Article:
It's been a while since I have read a book which has forced me to re-consider my own narrative of Turkish Republican history. Yalçın Doğan's book on the Dersim genocide of the late 1930s succeeds in this. There are, inevitably, some important asides which are not explored radically or vigourously enough, and a conclusion which is somewhat incomplete, but the book does much to add to the cannon of work now being developed on the subject and is a valuable history.
I have very much to praise Doğan's vigour in research. He has done very well to refine my knowledge of the political backdrop from the state perspective, writing much about the inner wrangling and competition taking place within the Atatürk's regime towards the end of his death. The book is rich in glorious details from both state archives and detailed first-hand accounts, and catch me out on a number of assumptions I had made about the event.
Some of the accounts are deeply unsettling. What's more, equal attention is given to the fate of those young children were, whilst being spared the fate of gas, bombs and bayonets, were forced to endure being adopted by Turkish state officials and forcibly assimilated. They forgot their language, were forced to marry Turks and were especially forced not to recall where they were from and what they had seen as children. What's more, the book documents through witness accounts and government meeting minutes how those most enthusiastically brought under the protection of the state were girls - Dersim's 'kayıp kızlar'.
It is almost a cliche to talk about Turkey as a nation suffering constant amnesia. The degree of success to which these girl's fate was sealed by the state lies can say as much about the Kurdish question as it can about many aspects of Turkish social and political history.
More unsettling still, is when witnesses talk of later having found their families, fathers and mothers, yet were unable to communicate with them having lost their mother tongues. On one occassion it is documented that a girl's father appeared before her but then turned away and said 'these are not my children', failing to even recognise them. In other examples, when communication was possible with a long lost relative, women unknowingly brought about disapproval of their families by announcing that they had participated in the hajj with their Turkish husbands, unaware of traditional Alevi contempt for participation in Sunni practices.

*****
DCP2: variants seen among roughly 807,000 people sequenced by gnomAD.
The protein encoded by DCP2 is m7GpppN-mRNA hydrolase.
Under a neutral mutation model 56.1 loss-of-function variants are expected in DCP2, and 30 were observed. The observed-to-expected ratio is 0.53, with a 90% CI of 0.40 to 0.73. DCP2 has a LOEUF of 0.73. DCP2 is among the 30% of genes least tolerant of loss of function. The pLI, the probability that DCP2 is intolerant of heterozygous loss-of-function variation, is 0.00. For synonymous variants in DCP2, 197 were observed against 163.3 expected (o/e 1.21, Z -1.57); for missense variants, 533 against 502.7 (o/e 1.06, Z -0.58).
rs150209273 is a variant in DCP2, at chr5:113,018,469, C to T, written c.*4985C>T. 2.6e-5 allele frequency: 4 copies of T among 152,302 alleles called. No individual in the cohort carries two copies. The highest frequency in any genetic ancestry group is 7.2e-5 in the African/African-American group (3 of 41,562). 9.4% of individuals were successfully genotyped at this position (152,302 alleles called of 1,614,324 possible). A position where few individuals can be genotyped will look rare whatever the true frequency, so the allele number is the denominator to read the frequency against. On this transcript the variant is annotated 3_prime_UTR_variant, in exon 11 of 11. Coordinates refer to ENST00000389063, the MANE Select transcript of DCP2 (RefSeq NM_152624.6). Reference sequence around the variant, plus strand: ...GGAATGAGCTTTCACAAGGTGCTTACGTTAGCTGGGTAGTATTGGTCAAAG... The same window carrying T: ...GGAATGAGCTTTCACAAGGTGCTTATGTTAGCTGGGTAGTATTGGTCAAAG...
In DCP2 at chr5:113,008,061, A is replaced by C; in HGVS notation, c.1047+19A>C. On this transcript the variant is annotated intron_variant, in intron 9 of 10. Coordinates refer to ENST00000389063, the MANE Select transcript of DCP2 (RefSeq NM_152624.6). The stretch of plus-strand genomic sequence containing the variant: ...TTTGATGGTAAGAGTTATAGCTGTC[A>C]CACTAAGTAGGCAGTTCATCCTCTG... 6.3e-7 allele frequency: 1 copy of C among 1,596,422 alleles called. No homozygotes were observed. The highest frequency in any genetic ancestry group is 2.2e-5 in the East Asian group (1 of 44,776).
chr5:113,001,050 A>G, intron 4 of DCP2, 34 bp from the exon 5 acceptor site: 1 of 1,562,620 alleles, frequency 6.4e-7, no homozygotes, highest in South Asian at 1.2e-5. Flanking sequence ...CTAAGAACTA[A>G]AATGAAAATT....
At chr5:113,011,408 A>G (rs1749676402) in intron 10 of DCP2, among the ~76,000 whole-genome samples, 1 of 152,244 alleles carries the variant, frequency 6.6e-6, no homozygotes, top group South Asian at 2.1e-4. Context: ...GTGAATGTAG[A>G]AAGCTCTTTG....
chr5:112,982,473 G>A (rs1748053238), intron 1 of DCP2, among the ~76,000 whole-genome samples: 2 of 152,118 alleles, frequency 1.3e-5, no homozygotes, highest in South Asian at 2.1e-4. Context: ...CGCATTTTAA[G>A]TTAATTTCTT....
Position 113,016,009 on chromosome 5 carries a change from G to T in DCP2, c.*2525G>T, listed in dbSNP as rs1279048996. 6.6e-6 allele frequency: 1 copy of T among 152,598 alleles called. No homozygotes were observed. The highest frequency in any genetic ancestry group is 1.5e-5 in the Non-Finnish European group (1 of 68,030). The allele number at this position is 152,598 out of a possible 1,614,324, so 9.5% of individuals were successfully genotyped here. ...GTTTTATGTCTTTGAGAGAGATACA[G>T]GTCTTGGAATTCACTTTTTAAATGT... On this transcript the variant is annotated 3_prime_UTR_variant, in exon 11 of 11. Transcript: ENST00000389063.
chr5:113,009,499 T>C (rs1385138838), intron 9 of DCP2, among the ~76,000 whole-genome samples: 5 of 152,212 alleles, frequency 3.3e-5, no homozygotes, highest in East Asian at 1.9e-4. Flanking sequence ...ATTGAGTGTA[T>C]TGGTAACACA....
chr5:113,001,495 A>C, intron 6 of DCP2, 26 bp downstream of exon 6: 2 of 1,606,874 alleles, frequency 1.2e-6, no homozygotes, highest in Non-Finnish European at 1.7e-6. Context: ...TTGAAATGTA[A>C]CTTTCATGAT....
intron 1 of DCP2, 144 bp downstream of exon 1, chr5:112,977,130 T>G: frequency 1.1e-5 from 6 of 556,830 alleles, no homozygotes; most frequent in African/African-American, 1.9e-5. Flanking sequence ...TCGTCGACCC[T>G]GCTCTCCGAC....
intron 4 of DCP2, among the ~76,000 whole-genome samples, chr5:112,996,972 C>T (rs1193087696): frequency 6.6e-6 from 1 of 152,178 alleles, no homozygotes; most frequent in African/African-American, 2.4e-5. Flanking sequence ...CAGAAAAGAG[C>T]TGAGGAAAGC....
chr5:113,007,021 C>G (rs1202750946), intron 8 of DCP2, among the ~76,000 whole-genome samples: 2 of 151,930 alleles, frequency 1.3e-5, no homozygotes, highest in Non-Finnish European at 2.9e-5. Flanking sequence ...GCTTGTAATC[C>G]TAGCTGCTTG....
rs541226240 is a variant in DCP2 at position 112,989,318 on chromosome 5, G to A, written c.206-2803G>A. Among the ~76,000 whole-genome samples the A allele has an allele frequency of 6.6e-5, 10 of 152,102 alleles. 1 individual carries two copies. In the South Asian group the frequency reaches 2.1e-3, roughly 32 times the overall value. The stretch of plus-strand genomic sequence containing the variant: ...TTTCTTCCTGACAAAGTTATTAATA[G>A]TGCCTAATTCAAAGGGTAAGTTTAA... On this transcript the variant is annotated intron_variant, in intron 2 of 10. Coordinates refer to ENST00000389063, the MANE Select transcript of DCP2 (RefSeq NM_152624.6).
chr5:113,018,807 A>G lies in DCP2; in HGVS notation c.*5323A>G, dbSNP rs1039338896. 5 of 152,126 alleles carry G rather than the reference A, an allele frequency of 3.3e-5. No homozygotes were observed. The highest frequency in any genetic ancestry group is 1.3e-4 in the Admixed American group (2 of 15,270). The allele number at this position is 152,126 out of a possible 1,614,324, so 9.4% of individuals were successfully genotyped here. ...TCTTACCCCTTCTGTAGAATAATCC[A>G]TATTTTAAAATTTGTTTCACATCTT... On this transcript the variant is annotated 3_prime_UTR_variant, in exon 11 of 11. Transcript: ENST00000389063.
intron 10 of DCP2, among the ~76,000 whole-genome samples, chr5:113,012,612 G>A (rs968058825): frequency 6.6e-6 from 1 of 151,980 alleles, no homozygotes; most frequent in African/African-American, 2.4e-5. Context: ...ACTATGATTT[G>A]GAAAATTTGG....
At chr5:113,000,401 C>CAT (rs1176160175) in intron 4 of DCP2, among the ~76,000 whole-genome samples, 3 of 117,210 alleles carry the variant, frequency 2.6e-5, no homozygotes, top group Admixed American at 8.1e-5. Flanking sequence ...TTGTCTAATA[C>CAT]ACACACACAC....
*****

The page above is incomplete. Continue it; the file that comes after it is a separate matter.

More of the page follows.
It is eye-opening to see other aspects in Turkish history assessed in the light of the state's actions in Dersim. In the preface, Doğan himself, states this intention:
What I am trying to do, is bring together firstly, the political realities of the time, with how it was before and after". He does this with finesse in various parts of the book. One particular aspect I like, was an aside into the anti-Alevi nature of the 1925 "Law Relating to the Removal and Ban of Certain Titles and the Closure of Lodges and Holy Tombs with Zawiyas." (Tekke ve Zaviyelerle Türbelerin Kapatılmasına ve Birtakım Unvanların Yasaklanması ve Kaldırılmasına İlişkin Yasa).
Those roles forbidden under the law were "Sheikh, dervish, Mürit, Dede, Said, Çelebi, Baba, Emir, Nakib, Caliph, Fortune-teller, Magician, Healer".
According the Doğan, it is no small coincidence that half of these titles were specific to the Alevi tradition, commenting that although "official history describes this law as being a Laicist measure... Alevism was a target. The Republic desired the creation of a Sunni, Turk society. The Dersim operation also had this objetive."